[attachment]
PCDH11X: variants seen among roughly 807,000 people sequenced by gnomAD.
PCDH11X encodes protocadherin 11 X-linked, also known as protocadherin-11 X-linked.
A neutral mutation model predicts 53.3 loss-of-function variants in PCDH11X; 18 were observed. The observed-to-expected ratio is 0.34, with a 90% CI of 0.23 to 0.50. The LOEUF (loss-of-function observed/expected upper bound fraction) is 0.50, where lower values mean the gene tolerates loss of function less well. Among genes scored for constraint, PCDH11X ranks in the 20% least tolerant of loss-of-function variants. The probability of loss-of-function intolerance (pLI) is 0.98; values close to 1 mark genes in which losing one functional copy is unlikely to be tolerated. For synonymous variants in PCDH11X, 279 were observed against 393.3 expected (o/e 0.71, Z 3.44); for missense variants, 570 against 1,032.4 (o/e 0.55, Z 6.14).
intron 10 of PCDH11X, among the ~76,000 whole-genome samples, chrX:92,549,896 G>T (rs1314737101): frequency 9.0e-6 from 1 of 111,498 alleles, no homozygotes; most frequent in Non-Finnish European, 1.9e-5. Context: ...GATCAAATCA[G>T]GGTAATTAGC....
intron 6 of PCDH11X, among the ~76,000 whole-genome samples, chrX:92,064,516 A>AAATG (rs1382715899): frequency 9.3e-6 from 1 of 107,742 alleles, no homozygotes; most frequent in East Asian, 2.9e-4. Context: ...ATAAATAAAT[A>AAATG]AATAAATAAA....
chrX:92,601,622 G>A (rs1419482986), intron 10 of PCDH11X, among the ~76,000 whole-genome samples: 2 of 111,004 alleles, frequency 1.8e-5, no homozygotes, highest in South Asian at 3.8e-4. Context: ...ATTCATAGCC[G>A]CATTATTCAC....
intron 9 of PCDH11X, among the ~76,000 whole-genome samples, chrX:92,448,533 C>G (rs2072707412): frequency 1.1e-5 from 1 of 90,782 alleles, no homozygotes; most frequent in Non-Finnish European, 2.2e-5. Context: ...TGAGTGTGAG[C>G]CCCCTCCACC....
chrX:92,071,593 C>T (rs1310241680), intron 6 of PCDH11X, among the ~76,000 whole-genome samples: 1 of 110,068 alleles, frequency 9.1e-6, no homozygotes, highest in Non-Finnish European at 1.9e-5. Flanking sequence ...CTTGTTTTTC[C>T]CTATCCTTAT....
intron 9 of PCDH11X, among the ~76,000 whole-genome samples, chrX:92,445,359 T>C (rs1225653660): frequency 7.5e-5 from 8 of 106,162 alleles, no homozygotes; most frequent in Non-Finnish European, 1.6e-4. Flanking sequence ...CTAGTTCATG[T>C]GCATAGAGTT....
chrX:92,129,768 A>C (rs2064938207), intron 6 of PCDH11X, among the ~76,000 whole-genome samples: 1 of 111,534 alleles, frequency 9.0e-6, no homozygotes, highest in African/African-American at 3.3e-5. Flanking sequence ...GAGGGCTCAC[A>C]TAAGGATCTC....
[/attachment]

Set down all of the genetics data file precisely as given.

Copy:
PCDH11X: variants seen among roughly 807,000 people sequenced by gnomAD.
PCDH11X encodes protocadherin 11 X-linked, also known as protocadherin-11 X-linked.
A neutral mutation model predicts 53.3 loss-of-function variants in PCDH11X; 18 were observed. The observed-to-expected ratio is 0.34, with a 90% CI of 0.23 to 0.50. The LOEUF (loss-of-function observed/expected upper bound fraction) is 0.50, where lower values mean the gene tolerates loss of function less well. Among genes scored for constraint, PCDH11X ranks in the 20% least tolerant of loss-of-function variants. The probability of loss-of-function intolerance (pLI) is 0.98; values close to 1 mark genes in which losing one functional copy is unlikely to be tolerated. For synonymous variants in PCDH11X, 279 were observed against 393.3 expected (o/e 0.71, Z 3.44); for missense variants, 570 against 1,032.4 (o/e 0.55, Z 6.14).
intron 10 of PCDH11X, among the ~76,000 whole-genome samples, chrX:92,549,896 G>T (rs1314737101): frequency 9.0e-6 from 1 of 111,498 alleles, no homozygotes; most frequent in Non-Finnish European, 1.9e-5. Context: ...GATCAAATCA[G>T]GGTAATTAGC....
intron 6 of PCDH11X, among the ~76,000 whole-genome samples, chrX:92,064,516 A>AAATG (rs1382715899): frequency 9.3e-6 from 1 of 107,742 alleles, no homozygotes; most frequent in East Asian, 2.9e-4. Context: ...ATAAATAAAT[A>AAATG]AATAAATAAA....
chrX:92,601,622 G>A (rs1419482986), intron 10 of PCDH11X, among the ~76,000 whole-genome samples: 2 of 111,004 alleles, frequency 1.8e-5, no homozygotes, highest in South Asian at 3.8e-4. Context: ...ATTCATAGCC[G>A]CATTATTCAC....
intron 9 of PCDH11X, among the ~76,000 whole-genome samples, chrX:92,448,533 C>G (rs2072707412): frequency 1.1e-5 from 1 of 90,782 alleles, no homozygotes; most frequent in Non-Finnish European, 2.2e-5. Context: ...TGAGTGTGAG[C>G]CCCCTCCACC....
chrX:92,071,593 C>T (rs1310241680), intron 6 of PCDH11X, among the ~76,000 whole-genome samples: 1 of 110,068 alleles, frequency 9.1e-6, no homozygotes, highest in Non-Finnish European at 1.9e-5. Flanking sequence ...CTTGTTTTTC[C>T]CTATCCTTAT....
intron 9 of PCDH11X, among the ~76,000 whole-genome samples, chrX:92,445,359 T>C (rs1225653660): frequency 7.5e-5 from 8 of 106,162 alleles, no homozygotes; most frequent in Non-Finnish European, 1.6e-4. Flanking sequence ...CTAGTTCATG[T>C]GCATAGAGTT....
chrX:92,129,768 A>C (rs2064938207), intron 6 of PCDH11X, among the ~76,000 whole-genome samples: 1 of 111,534 alleles, frequency 9.0e-6, no homozygotes, highest in African/African-American at 3.3e-5. Flanking sequence ...GAGGGCTCAC[A>C]TAAGGATCTC....